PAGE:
The U.S. economy added almost 288,000 new jobs in June, according to new government data Thursday, handily beating analysts' expectations and sending the unemployment rate to its lowest level since September of 2008.
The pace of job creation well outpaced projects that the economy would add 215,000 jobs. The unemployment rate dipped from 6.3% to 6.1%, its lowest level since the month Lehman Brothers collapsed and the U.S. economy went into a tailspin.
Stock markets jumped on the news, with the Dow Jones Industrial Average surpassing 17,000 points for the first time ever.
The data from the Bureau of Labor Statistics signaled that the economy was healthily bouncing back from a biting cold winter that hampered growth, and relieved economy watchers who had been alarmed by an economic contraction in the first quarter. The numbers will also sure come as a relief to Democrats who have been fearful that a still-sluggish economy will hurt them against Republicans in the midterm elections. June marked the fifth consecutive month of job gains exceeding 200,000, the best clip since the tech boom of the late 1990s, the Associated Press reports.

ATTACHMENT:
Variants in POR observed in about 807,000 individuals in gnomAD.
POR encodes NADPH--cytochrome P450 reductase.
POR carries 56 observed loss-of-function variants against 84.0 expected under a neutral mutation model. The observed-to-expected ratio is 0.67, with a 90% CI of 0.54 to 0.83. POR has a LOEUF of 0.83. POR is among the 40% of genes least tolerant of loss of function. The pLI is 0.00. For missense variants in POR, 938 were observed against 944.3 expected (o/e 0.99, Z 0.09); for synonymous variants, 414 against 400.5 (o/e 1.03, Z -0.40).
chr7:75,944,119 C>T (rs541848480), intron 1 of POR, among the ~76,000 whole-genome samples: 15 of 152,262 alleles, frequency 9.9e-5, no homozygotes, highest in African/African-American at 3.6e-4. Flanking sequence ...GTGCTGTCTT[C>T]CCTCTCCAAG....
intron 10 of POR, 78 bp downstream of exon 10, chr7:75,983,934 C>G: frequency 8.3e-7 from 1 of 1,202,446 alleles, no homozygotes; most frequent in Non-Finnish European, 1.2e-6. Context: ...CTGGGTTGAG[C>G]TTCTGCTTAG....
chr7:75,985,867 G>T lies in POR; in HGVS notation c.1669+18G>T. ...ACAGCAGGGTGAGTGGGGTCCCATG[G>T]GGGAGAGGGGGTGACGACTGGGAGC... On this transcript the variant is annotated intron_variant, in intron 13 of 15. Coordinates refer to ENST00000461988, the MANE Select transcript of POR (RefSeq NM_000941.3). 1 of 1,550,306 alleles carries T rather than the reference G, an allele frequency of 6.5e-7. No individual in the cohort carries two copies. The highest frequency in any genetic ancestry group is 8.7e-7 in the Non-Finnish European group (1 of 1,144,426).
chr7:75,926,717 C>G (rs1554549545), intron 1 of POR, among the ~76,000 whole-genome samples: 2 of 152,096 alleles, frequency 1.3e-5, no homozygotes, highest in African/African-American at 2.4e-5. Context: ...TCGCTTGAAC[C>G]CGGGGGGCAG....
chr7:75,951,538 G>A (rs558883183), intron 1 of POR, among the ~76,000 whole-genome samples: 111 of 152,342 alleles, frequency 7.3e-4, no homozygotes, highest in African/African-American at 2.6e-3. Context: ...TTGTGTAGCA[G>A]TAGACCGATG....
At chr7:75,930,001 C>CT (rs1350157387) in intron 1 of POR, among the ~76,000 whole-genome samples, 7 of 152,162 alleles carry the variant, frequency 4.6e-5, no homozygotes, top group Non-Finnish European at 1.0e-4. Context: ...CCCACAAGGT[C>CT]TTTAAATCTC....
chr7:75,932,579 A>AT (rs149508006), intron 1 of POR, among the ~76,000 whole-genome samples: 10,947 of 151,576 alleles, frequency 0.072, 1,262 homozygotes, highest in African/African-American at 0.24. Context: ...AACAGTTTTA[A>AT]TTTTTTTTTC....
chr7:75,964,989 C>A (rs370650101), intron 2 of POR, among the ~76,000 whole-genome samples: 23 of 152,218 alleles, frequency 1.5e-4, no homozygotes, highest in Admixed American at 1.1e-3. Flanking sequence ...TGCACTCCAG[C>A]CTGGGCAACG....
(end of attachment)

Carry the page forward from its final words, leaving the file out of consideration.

Job growth figures for May were also revised upward. BLS described the job gains as "widespread," powered by growth in "business services, retail trade, food services and drinking places, and health care."
Signs that the economic recovery remains tepid still persist. While the longterm unemployed, defined as those jobless for 27 weeks or more, dropped by 293,000, 3.1 million Americans remains in that category.
But with exports hitting a record high and imports falling, the trade deficit fell 5.6%, to $44.4 billion.